Also, I did re-program the computer to ignore the PATS system. On the first reprogram the starter would not turn so I had my guy recheck the PATS setting and there was a second item that needed to be turned off. When the new program was downloaded the starter functions normally. He tells me that if the starter is turning the PATS system is turned off but Iím still not sure since it seems to me that if I am getting power to the injectors (I do) in start and run, it must be the computer that is not allowing the injectors to function. Only other thing I can think of is that since this engine has sat for 3 years, ALL of the injectors are gummed upówhich I think is unlikely. Can anyone help me with just where I go from here?
Can anyone tell me how much voltage I should be able to measure at the fuel injector plugs?
Thanks in advance
Bill
The injectors need to pulse. generally this is accomplished by pulling one side to ground. You really need either a set of noid lights or a scope to check this. You issue could be as simple as a missing ground somewhere in the reference circuit. The noid lights will give you a good idea if you are getting pulses or not. Start there and see what is happening. If that looks good you may have a fuel supply issue.
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Old 11-17-2009, 12:48 AM
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I left the Linc/Merc dealer in '99 but I believe the system still works the same. The red wire is the hot (common) side of the circuit. All red wires at the injectors should be hot when cranking and/or running. The other wires go to eight separate (multiport) ground drivers in the PCM. To test injectors for contamination remove the injector and jump in a hot wire to one side and ground the other. (use a small insulated alligator clip so you dont short the wires together in the very tight fit in the connector) You should hear a click every time you ground the neg side. Spray carb cleaner into the injector to verify it is flowing when the electrical circuit is complete.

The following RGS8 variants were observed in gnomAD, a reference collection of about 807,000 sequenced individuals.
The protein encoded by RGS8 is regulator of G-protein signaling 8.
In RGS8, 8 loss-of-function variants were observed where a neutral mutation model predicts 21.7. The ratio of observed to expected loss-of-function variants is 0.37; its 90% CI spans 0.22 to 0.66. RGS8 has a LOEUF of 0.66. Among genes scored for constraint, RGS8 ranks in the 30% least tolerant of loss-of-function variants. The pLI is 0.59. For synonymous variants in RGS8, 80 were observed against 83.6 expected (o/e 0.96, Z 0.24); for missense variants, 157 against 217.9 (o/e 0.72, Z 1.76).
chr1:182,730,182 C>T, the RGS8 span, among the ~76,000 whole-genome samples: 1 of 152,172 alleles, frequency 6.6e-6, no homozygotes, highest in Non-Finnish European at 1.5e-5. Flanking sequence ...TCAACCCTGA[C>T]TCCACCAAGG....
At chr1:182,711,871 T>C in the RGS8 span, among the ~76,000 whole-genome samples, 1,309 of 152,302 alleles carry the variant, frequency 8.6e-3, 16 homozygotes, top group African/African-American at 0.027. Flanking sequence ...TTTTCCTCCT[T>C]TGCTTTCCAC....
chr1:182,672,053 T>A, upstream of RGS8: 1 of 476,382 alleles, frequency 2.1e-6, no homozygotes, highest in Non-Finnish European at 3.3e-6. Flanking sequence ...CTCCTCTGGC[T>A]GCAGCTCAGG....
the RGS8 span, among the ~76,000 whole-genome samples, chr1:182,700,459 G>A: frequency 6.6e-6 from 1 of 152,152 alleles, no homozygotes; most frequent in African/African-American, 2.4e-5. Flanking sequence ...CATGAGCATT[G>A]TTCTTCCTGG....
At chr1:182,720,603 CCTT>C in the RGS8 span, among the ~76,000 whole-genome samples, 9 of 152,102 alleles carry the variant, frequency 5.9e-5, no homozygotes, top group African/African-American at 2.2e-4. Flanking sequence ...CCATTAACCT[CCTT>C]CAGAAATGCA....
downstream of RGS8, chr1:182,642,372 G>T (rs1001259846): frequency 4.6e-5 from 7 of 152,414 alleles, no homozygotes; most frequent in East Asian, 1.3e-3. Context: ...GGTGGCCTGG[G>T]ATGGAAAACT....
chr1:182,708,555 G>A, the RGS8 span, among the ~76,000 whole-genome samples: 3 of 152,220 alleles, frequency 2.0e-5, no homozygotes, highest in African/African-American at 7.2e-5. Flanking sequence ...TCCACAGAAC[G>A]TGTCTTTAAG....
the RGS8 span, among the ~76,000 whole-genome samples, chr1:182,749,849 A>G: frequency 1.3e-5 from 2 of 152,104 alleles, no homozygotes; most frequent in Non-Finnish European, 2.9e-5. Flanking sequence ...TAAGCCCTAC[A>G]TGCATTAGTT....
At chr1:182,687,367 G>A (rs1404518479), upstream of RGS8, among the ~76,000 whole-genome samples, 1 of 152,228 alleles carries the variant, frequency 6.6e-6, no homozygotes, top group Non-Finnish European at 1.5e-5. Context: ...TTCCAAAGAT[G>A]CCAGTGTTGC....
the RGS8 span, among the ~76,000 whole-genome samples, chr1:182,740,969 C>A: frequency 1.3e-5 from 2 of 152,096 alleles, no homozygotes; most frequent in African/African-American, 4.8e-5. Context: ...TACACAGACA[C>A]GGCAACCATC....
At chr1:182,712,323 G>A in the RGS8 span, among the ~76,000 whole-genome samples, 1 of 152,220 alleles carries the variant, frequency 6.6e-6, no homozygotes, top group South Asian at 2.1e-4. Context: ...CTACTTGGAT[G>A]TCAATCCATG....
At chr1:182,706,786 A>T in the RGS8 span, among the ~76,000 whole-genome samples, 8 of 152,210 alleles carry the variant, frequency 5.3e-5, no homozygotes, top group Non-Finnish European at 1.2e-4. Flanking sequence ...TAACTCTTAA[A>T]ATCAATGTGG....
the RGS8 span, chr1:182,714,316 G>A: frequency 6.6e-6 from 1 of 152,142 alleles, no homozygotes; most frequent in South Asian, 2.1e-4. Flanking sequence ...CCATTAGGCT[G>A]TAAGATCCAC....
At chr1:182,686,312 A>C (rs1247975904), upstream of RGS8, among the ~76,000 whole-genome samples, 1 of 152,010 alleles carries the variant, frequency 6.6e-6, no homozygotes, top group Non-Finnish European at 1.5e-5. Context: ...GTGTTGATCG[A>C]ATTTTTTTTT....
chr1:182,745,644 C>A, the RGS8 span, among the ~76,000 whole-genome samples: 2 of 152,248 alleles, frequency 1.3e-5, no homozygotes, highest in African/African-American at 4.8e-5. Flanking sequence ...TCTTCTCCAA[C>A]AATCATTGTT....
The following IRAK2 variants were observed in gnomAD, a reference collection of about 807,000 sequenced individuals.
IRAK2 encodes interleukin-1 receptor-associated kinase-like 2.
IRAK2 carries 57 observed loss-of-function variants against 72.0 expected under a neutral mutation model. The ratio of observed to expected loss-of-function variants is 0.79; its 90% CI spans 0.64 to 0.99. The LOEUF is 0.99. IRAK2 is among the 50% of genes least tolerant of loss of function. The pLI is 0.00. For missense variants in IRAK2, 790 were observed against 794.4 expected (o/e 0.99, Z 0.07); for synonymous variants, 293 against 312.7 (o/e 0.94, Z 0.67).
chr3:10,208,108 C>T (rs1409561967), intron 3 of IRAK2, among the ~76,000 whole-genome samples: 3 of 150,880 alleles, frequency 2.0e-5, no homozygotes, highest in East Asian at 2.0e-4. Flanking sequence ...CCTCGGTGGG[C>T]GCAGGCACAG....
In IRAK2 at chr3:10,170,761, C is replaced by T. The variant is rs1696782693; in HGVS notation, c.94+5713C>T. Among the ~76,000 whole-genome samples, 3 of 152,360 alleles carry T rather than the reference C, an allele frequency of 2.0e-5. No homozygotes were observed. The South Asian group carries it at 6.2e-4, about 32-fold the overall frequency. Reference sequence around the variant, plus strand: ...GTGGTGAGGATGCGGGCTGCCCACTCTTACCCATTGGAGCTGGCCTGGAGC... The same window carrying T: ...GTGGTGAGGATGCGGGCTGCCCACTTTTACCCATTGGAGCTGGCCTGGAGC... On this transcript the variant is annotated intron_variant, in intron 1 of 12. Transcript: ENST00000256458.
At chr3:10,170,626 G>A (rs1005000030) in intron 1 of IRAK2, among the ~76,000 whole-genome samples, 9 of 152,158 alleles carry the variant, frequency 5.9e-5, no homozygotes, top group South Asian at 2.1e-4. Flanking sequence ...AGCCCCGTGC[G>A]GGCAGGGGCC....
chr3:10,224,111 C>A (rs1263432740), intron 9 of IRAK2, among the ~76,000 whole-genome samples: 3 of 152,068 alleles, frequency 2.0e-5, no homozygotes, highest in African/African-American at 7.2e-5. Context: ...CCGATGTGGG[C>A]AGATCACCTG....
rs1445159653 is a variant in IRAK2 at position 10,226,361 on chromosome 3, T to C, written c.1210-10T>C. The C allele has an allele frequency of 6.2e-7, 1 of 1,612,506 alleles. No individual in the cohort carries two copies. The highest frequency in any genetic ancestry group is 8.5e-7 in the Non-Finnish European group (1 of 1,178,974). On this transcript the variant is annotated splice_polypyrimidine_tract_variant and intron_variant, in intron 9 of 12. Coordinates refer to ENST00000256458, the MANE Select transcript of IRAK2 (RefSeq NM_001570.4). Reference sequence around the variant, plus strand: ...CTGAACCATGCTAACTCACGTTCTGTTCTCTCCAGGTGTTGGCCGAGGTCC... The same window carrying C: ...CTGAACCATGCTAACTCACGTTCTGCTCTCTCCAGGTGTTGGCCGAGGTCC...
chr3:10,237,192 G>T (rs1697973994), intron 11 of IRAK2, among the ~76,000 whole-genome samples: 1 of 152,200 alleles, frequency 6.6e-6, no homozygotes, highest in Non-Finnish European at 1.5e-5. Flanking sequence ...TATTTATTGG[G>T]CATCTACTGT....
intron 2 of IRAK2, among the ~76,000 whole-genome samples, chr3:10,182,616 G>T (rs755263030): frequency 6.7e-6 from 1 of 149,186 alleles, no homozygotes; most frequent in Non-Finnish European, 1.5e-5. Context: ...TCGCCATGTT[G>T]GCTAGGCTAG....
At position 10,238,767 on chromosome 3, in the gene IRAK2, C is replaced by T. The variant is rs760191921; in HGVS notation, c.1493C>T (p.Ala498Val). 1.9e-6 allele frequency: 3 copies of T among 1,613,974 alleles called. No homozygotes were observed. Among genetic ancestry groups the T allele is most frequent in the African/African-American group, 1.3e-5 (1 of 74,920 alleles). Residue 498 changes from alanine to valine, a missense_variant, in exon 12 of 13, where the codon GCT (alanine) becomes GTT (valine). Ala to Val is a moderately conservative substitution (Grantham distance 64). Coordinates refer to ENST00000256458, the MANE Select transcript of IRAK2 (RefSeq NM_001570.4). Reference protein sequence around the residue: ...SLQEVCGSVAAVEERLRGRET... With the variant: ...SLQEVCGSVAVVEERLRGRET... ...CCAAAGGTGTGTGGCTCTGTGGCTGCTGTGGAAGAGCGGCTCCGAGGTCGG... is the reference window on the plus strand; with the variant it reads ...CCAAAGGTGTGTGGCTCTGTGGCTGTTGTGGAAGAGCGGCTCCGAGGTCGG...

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Old 11-17-2009, 06:53 AM
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I agree, check for plugged injectors. And yes, I would say it's possible for all of them to be stuck after sitting for three years. Hit them with 12 volts like 2-manytoyzs says to make sure.

Otherwise it could be as simlple as a bad ground somewhere.

Have you checked for any codes being thrown by the computer?
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Old 11-17-2009, 03:49 PM
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Thanks guys for your answers. I have ordered a set of noid lights to check whether the fuel injector circuits are OK. I do believe that they are. As improbable as I originally thought, after sitting around for three years I suppose that the injectors are fouled. I did try to energize one and could hear absolutely nothing to indicate that the magnetic coil inside was working. If the noid lights confirm that the injector circuits are OK, I'll have my answer
Bill
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Old 11-18-2009, 12:17 AM
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Do you have a wiring diagram for the donor vehicle. You will need to verify all grounds are installed. Injectors will not pulse if the PCM "sees" a TP sensor voltage simulating a WOT condition. This is a strategy built into the PCM. Holding a throttle down at WOT cuts off injector flow to help start a flooded engine. Also a cheap stethoscope will help to find injector issues. Shelf life of todays fuels are 3 to 6 months before it starts to turn to varnish. I just removed fuel from a older car (1975) that had been stored for the last 3 years. Car barely ran on the old stuff, was milky (moisture contamination), and stinks.

Last edited by 2-manytoyzs; 11-18-2009 at 12:23 AM.